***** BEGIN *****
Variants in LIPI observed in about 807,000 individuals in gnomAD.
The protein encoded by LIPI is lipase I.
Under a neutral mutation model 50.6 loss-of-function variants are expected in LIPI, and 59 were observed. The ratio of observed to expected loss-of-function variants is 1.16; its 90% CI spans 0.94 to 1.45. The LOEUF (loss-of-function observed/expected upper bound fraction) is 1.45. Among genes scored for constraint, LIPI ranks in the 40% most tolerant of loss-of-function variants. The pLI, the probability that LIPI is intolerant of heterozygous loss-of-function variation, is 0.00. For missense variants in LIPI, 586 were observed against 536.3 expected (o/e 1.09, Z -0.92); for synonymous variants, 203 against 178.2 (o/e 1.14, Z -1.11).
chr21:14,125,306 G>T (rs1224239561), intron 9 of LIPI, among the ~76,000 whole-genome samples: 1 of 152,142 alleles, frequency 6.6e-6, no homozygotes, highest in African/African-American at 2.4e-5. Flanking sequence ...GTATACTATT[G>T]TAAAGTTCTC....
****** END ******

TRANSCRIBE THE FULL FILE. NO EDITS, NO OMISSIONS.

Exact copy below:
Variants in LIPI observed in about 807,000 individuals in gnomAD.
The protein encoded by LIPI is lipase I.
Under a neutral mutation model 50.6 loss-of-function variants are expected in LIPI, and 59 were observed. The ratio of observed to expected loss-of-function variants is 1.16; its 90% CI spans 0.94 to 1.45. The LOEUF (loss-of-function observed/expected upper bound fraction) is 1.45. Among genes scored for constraint, LIPI ranks in the 40% most tolerant of loss-of-function variants. The pLI, the probability that LIPI is intolerant of heterozygous loss-of-function variation, is 0.00. For missense variants in LIPI, 586 were observed against 536.3 expected (o/e 1.09, Z -0.92); for synonymous variants, 203 against 178.2 (o/e 1.14, Z -1.11).
chr21:14,125,306 G>T (rs1224239561), intron 9 of LIPI, among the ~76,000 whole-genome samples: 1 of 152,142 alleles, frequency 6.6e-6, no homozygotes, highest in African/African-American at 2.4e-5. Flanking sequence ...GTATACTATT[G>T]TAAAGTTCTC....